In the fight against VAT fraud, France is now also requiring companies to use electronic invoicing and transaction-based invoice reporting or e-reporting beginning in July 2024. What does this mean for non-French companies?
France is the fourth country in the EU after Italy, Spain and Hungary to introduce mandatory e-invoicing and e-reporting. French companies are already required to transmit invoices to the public sector electronically since 2020. This is managed through the governmental platform Chorus Pro. The whole procedure and and the platform are now being expanded for business-to-business (B2B) and business-to-customer (B2C) invoice exchange to become the national B2B2G portal for e-billing.
Which requirements for whom?
E-invoicing: Companies are required to issue invoices electronically for all domestic B2B transactions.
E-reporting: The requirement to report invoice data electronically to tax authorities applies to all
- business-to-consumer (B2C) sales
- international B2B sales
- intra-EU deliveries
- foreign companies, provided they are subject to VAT in France and charge VAT
Implementation between July 2024 and July 2026
The change in policy will be introduced and applied gradually:
- by July 1, 2024 for large companies
- no later than January 1, 2025 for medium-sized companies
- no later than January 1, 2026 for small companies (thus all companies)
All invoices issued electronically must also be archived electronically. The prescribed retention period in France is 10 years.
Receipt of e-invoices must be made possible starting July 2024 by all companies whose suppliers are required to issue invoices electronically.
What does this mean for invoice exchanges with French companies?
For companies that are not based in France and are subject to VAT, not much will change for the time being.
When invoicing French companies: For example, if suppliers from the USA or UK send an invoice to a French company, they can send it as a simple PDF invoice. French buyers, in order to comply with their national reporting requirements, must send an e-report (summary of all invoices received within one week) to the French invoice portal PPF.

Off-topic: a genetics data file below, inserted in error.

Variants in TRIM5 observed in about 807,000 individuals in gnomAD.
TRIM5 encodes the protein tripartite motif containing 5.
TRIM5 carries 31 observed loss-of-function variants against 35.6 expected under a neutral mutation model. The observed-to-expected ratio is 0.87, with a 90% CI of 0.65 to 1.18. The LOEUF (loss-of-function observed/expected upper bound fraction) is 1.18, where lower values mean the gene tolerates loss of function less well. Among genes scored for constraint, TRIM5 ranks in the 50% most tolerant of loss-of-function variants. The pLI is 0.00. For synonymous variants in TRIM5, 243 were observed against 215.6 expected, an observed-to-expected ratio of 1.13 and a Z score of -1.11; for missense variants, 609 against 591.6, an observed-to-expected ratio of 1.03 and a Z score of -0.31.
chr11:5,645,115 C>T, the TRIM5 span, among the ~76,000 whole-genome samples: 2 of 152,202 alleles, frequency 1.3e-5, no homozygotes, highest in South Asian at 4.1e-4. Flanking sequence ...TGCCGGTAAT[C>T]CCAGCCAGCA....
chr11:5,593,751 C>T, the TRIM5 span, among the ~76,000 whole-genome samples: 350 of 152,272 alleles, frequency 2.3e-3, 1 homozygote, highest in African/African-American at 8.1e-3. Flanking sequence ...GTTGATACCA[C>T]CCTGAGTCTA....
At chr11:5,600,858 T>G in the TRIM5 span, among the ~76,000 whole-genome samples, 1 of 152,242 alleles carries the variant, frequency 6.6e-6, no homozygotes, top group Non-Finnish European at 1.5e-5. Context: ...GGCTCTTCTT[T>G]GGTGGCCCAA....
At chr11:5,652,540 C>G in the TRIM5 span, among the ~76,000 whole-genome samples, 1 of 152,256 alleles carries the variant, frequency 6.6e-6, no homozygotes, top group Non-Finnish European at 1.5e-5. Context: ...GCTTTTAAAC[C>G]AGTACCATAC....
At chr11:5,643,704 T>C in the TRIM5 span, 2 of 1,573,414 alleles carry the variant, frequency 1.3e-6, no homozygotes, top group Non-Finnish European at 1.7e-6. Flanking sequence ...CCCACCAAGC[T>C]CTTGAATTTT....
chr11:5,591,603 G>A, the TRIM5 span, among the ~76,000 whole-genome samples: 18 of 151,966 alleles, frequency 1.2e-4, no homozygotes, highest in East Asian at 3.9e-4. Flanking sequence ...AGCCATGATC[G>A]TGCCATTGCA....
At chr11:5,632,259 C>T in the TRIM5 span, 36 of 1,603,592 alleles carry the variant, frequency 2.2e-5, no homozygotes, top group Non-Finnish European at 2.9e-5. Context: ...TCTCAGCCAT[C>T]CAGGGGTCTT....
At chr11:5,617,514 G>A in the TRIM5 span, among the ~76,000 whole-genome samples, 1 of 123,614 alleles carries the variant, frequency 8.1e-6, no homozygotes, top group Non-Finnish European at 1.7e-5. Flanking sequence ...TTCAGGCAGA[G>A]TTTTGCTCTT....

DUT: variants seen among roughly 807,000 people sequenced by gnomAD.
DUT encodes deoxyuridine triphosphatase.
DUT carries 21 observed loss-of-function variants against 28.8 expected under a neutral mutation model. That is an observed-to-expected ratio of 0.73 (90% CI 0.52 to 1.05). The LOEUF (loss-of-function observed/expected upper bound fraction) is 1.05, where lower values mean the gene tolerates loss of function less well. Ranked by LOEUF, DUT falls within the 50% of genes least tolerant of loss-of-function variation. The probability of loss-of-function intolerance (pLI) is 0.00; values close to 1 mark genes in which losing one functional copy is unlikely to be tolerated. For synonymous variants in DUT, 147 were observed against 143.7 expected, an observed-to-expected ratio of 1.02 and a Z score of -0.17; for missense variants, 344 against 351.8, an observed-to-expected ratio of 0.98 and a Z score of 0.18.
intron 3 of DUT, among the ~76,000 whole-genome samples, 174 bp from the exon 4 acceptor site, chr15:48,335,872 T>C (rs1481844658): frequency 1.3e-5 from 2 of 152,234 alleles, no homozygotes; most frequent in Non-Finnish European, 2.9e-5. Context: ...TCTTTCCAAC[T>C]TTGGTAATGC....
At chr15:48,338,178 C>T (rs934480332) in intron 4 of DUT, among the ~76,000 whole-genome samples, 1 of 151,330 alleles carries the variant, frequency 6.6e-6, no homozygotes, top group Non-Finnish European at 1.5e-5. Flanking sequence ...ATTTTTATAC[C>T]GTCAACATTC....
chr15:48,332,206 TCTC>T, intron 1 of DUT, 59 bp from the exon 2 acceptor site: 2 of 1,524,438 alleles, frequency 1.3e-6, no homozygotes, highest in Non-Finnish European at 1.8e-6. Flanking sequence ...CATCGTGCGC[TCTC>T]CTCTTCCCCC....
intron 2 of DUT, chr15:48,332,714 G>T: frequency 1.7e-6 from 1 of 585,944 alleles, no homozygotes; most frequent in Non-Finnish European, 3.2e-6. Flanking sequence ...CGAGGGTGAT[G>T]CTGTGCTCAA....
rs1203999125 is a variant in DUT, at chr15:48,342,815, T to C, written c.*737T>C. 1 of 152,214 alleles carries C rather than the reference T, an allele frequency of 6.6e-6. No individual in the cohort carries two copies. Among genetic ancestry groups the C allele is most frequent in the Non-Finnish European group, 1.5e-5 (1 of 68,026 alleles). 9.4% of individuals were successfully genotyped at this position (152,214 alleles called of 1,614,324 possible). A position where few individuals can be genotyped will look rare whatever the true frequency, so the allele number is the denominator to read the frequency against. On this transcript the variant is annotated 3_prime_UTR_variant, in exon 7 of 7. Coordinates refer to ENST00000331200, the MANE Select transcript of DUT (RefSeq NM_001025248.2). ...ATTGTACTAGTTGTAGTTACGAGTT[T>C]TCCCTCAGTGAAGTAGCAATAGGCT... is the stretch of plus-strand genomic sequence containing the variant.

The French tax authority will analyze the data flow through its PPF portal for control purposes. If companies subject to tax in France do not comply with their invoice reporting obligation, penalties will be incurred.
If a French buyer receives a paper invoice from a foreign supplier, the French buyer must digitize it and report the invoice data to the PPF as well.
When receiving invoices from French companies: If French suppliers send an invoice to a U.S. or UK company, for example, they can send it by email in simple PDF format. Again, they must include the invoice in their e-reporting.
Different requirements depending on the contents of an invoice may need to be observed from country to country when invoices are sent abroad.
The future of e-invoicing and e-reporting in the EU
Companies operating internationally need to closely follow these developments in invoice exchange. For B2B, the trend in Europe is clearly moving from the post-audit process to the clearance center, i.e., to central release platforms provided by the tax authorities. In this context, it is important that global standards such as PEPPOL (Pan-European Public Procurement OnLine) can be met. PEPPOL is an international project with the aim of standardizing cross-border, electronically supported public procurement procedures within the European Union.
Under the heading VAT in the Digital Age , the EU Commission is currently preparing a draft law for, among other things, electronic reporting obligations via e-invoices. Current EU-wide regulations for invoices can be found here.